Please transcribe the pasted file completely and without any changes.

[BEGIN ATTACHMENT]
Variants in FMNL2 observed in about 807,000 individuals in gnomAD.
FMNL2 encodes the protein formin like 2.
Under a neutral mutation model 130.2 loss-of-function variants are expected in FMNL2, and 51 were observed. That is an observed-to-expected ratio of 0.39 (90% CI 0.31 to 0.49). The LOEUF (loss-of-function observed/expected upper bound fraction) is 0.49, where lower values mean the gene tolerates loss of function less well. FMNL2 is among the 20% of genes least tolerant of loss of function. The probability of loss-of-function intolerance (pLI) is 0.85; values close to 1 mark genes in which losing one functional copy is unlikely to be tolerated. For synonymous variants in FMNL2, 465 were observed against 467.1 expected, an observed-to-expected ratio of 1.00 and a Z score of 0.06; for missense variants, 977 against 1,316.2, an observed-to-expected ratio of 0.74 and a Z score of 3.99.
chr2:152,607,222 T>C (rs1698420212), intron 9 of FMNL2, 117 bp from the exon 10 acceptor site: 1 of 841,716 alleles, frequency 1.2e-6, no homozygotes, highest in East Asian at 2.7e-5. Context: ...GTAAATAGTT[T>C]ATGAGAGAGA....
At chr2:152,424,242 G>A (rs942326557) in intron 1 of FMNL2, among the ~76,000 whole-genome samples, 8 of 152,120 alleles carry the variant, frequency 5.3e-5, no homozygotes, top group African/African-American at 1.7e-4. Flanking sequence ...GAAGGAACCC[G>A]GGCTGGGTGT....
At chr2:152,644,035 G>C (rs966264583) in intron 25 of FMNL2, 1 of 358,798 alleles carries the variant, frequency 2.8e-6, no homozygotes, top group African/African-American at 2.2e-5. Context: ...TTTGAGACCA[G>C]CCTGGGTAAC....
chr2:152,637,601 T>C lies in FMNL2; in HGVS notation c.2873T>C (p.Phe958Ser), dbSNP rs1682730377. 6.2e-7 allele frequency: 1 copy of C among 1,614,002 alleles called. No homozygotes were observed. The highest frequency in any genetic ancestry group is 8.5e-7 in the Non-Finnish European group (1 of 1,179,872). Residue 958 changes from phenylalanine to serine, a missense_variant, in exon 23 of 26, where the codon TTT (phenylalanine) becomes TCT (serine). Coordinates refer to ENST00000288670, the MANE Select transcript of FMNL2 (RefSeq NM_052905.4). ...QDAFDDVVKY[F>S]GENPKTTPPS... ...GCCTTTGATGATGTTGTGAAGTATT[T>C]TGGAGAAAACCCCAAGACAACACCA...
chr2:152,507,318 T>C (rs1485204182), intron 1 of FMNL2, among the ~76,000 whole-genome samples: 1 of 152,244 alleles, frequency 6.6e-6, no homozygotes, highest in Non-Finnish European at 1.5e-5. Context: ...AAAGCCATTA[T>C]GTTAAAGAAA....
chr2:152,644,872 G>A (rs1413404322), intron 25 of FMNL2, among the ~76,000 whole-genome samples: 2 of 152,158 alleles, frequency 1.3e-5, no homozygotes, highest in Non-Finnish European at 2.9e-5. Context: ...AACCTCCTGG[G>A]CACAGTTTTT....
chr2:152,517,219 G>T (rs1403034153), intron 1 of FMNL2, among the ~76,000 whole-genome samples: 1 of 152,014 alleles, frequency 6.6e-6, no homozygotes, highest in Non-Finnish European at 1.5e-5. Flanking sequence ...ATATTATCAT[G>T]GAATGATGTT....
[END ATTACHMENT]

Variants in FMNL2 observed in about 807,000 individuals in gnomAD.
FMNL2 encodes the protein formin like 2.
Under a neutral mutation model 130.2 loss-of-function variants are expected in FMNL2, and 51 were observed. That is an observed-to-expected ratio of 0.39 (90% CI 0.31 to 0.49). The LOEUF (loss-of-function observed/expected upper bound fraction) is 0.49, where lower values mean the gene tolerates loss of function less well. FMNL2 is among the 20% of genes least tolerant of loss of function. The probability of loss-of-function intolerance (pLI) is 0.85; values close to 1 mark genes in which losing one functional copy is unlikely to be tolerated. For synonymous variants in FMNL2, 465 were observed against 467.1 expected, an observed-to-expected ratio of 1.00 and a Z score of 0.06; for missense variants, 977 against 1,316.2, an observed-to-expected ratio of 0.74 and a Z score of 3.99.
chr2:152,607,222 T>C (rs1698420212), intron 9 of FMNL2, 117 bp from the exon 10 acceptor site: 1 of 841,716 alleles, frequency 1.2e-6, no homozygotes, highest in East Asian at 2.7e-5. Context: ...GTAAATAGTT[T>C]ATGAGAGAGA....
At chr2:152,424,242 G>A (rs942326557) in intron 1 of FMNL2, among the ~76,000 whole-genome samples, 8 of 152,120 alleles carry the variant, frequency 5.3e-5, no homozygotes, top group African/African-American at 1.7e-4. Flanking sequence ...GAAGGAACCC[G>A]GGCTGGGTGT....
At chr2:152,644,035 G>C (rs966264583) in intron 25 of FMNL2, 1 of 358,798 alleles carries the variant, frequency 2.8e-6, no homozygotes, top group African/African-American at 2.2e-5. Context: ...TTTGAGACCA[G>C]CCTGGGTAAC....
chr2:152,637,601 T>C lies in FMNL2; in HGVS notation c.2873T>C (p.Phe958Ser), dbSNP rs1682730377. 6.2e-7 allele frequency: 1 copy of C among 1,614,002 alleles called. No homozygotes were observed. The highest frequency in any genetic ancestry group is 8.5e-7 in the Non-Finnish European group (1 of 1,179,872). Residue 958 changes from phenylalanine to serine, a missense_variant, in exon 23 of 26, where the codon TTT (phenylalanine) becomes TCT (serine). Coordinates refer to ENST00000288670, the MANE Select transcript of FMNL2 (RefSeq NM_052905.4). ...QDAFDDVVKY[F>S]GENPKTTPPS... ...GCCTTTGATGATGTTGTGAAGTATT[T>C]TGGAGAAAACCCCAAGACAACACCA...
chr2:152,507,318 T>C (rs1485204182), intron 1 of FMNL2, among the ~76,000 whole-genome samples: 1 of 152,244 alleles, frequency 6.6e-6, no homozygotes, highest in Non-Finnish European at 1.5e-5. Context: ...AAAGCCATTA[T>C]GTTAAAGAAA....
chr2:152,644,872 G>A (rs1413404322), intron 25 of FMNL2, among the ~76,000 whole-genome samples: 2 of 152,158 alleles, frequency 1.3e-5, no homozygotes, highest in Non-Finnish European at 2.9e-5. Context: ...AACCTCCTGG[G>A]CACAGTTTTT....
chr2:152,517,219 G>T (rs1403034153), intron 1 of FMNL2, among the ~76,000 whole-genome samples: 1 of 152,014 alleles, frequency 6.6e-6, no homozygotes, highest in Non-Finnish European at 1.5e-5. Flanking sequence ...ATATTATCAT[G>T]GAATGATGTT....